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Gold line

Earth is in a stable orbit around the Sun because our planet's forward motion exactly counterbalances the gravitational pull of the Sun at this distance (about 93 million miles). All orbiting bodies have achieved this balance between gravitational pull and forward speed.

Since gravitational pull decreases with distance, objects farther from the Sun move forward more slowly as they orbit. If the Sun, Earth, and a more distant spaceship all happened to be in alignment at some moment, the spaceship would soon drift behind (assuming it didn't fire its rockets), unable to keep up with the Earth as they both orbited the Sun.

But there is one spot - on a straight line from the Sun to the Earth and nearly a million miles beyond - where the Sun's gravitational pull combined with that of the Earth are just enough so that, to balance it and remain in orbit around the Sun, a spaceship must move forward faster than it otherwise would at that distance from the Sun. And with this increased speed, the spaceship just exactly keeps up with the Earth as they both orbit the Sun. Sun, Earth, and spaceship remain aligned.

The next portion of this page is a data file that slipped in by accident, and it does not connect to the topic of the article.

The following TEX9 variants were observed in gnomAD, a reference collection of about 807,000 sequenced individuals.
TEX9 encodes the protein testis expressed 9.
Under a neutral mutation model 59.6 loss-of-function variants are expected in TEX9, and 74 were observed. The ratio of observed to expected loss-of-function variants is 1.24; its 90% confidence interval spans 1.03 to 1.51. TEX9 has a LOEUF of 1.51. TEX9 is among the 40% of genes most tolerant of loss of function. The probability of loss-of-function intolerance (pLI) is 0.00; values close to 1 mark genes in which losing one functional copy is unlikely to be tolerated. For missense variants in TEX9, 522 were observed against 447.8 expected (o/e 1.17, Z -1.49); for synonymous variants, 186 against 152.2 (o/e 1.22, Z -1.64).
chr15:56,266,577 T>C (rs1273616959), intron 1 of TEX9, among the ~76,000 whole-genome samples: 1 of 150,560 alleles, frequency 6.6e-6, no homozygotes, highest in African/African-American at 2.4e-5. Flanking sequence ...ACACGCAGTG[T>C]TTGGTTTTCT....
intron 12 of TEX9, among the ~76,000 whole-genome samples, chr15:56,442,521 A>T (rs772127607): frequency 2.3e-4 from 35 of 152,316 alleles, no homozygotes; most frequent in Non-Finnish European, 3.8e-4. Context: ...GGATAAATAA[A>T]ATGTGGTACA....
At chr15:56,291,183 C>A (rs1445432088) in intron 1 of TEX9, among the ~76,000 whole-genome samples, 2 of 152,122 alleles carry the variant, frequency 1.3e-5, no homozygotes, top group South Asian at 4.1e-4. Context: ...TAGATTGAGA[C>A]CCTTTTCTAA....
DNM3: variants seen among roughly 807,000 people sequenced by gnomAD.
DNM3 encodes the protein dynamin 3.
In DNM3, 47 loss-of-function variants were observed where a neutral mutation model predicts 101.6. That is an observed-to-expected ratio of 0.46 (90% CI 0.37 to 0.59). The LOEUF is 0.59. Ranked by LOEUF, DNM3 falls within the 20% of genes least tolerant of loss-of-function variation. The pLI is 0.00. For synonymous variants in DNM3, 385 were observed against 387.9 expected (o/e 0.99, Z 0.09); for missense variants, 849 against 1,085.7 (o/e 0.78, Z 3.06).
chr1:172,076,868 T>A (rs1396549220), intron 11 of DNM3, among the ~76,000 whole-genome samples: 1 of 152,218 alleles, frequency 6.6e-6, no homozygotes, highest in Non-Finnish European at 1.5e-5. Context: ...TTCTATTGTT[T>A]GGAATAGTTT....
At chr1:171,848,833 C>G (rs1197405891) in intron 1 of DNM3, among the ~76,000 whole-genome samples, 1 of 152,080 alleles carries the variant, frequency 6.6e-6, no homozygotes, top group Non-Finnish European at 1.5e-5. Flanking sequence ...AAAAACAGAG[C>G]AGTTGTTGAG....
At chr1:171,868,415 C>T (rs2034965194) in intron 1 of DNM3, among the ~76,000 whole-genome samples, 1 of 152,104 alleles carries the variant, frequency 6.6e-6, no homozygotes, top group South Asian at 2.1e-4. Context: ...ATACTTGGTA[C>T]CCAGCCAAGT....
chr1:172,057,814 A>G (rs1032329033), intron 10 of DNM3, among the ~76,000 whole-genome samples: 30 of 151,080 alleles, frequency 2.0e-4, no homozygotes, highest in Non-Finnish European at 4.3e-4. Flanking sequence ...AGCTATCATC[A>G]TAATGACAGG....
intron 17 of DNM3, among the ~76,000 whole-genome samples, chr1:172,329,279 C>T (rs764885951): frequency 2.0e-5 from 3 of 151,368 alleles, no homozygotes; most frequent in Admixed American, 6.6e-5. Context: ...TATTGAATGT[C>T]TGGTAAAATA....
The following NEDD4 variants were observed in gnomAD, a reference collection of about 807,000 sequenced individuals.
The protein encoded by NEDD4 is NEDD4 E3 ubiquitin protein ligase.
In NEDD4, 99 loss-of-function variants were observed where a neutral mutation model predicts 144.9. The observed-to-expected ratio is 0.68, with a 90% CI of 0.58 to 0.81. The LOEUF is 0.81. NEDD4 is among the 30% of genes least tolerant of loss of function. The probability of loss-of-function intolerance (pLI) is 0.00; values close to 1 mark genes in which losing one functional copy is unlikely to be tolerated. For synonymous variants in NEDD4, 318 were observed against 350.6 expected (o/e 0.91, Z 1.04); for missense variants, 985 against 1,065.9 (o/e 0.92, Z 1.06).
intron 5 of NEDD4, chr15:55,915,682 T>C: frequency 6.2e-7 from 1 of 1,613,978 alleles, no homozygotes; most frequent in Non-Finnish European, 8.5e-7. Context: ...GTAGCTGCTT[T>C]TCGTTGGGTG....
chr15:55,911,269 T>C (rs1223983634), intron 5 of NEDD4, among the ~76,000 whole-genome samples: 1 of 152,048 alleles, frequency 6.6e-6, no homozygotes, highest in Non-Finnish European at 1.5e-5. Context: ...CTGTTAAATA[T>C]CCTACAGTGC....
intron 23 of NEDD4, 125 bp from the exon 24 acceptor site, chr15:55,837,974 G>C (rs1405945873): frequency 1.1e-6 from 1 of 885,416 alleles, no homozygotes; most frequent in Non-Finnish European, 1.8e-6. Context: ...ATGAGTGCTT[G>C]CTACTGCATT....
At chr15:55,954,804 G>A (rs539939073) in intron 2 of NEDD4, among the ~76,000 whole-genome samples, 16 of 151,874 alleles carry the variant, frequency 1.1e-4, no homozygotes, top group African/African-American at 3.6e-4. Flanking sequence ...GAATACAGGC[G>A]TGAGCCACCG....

Lagrange Points

This spot is called the Earth-Sun L2 point, the second of five "Lagrangian Points" named for Joseph-Louis Lagrange (1736-1813) who calculated their existence.

In practice, a spaceship is actually more stable orbiting around the L2 point than trying to remain at the precise point. But the effect remains the same.

Wherever earth happens to be in its annual path around the Sun, an L2 spacecraft would be positioned a million miles above the night side of the planet. And with the Sun and the Earth at its back, a telescope aboard the spacecraft would always have a clear, uninterrupted view outward into the Universe.

More on Lagrange Points...

Gold line

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